An Inter-Organ Neural Circuit for Appetite Suppression

Published: 6 June 2022| Version 1 | DOI: 10.17632/zkjm36wp8s.1
Wenfei Han


Glucagon-like peptide-1 (GLP-1) is a signal peptide released from enteroendocrine cells of the lower intestine. GLP-1 exerts anorectic and antimotility actions that protect the body against nutrient malabsorption. However, little is known about how intestinal GLP-1 affects distant organs despite rapid enzymatic inactivation. We show that intestinal GLP-1 inhibits gastric emptying and eating via intestinofugal neurons, a subclass of myenteric neurons that project to abdominal sympathetic ganglia. Remarkably, cell-specific ablation of intestinofugal neurons eliminated intestinal GLP-1 effects, and their chemical activation functioned as a GLP-1 mimetic. GLP-1 sensing by intestinofugal neurons then engaged a sympatho-gastro-spinal-reticular-hypothalamic pathway that links abnormal stomach distension to craniofacial programs for food rejection. Within this pathway, cell-specific activation of sparse neuronal populations caused systemic GLP-1-like effects. These molecularly identified, delimited enteric circuits may be targeted to ameliorate the abdominal bloating and loss of appetite typical of gastric motility disorders.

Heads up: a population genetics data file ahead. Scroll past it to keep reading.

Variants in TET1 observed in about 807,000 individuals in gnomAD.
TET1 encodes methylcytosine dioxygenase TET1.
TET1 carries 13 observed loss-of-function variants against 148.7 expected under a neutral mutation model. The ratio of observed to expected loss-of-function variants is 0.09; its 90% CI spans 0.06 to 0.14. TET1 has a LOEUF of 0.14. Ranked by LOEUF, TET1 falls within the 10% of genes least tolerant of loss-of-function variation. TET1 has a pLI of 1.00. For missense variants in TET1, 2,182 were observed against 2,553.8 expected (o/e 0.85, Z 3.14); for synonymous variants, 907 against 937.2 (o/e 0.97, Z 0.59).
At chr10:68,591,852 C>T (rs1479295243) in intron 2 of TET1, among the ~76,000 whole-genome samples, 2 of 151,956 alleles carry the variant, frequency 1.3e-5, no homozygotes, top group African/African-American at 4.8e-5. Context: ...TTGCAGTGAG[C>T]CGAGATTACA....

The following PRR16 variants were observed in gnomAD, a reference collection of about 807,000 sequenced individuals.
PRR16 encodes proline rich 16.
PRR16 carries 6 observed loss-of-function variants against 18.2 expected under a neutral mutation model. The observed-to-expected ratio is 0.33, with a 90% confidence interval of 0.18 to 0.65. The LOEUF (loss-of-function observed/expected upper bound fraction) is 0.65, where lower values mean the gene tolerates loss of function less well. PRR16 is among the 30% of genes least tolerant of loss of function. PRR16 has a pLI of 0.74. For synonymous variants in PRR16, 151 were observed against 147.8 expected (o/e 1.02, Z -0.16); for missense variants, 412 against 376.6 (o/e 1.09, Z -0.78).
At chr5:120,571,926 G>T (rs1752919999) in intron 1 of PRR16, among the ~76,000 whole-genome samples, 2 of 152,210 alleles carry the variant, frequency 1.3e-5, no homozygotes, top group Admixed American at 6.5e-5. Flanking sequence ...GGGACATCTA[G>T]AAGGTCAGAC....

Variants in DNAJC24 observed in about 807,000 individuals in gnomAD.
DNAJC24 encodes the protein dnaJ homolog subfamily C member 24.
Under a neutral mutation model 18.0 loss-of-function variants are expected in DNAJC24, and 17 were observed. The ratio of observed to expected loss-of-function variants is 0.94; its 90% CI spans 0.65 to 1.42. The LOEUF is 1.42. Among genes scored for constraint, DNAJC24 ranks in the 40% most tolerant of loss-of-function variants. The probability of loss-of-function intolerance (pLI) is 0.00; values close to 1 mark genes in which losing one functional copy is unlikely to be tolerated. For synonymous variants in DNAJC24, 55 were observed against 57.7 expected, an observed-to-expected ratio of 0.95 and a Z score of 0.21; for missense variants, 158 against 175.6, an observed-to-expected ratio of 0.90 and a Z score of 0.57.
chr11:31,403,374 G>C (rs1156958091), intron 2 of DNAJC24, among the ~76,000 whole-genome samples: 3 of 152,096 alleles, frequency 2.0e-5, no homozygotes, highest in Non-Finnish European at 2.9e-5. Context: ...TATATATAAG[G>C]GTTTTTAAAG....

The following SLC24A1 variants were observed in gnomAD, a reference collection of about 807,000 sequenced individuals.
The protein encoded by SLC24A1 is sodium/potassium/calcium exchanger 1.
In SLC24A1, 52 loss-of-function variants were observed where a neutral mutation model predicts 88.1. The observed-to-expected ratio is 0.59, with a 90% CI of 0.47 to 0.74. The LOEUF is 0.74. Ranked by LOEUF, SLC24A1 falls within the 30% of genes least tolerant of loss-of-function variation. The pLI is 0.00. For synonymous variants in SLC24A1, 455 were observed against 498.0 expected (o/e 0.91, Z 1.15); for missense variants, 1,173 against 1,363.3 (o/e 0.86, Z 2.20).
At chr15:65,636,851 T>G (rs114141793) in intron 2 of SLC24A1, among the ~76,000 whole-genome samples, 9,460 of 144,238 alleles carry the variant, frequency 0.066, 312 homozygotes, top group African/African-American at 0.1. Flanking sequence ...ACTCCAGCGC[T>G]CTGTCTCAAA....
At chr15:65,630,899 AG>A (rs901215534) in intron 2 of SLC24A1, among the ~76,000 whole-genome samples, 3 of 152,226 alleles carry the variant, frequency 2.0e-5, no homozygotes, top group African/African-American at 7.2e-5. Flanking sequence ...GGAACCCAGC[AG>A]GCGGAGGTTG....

Icahn School of Medicine at Mount Sinai Friedman Brain Institute


Neuroscience, Gut Endocrinology, Resource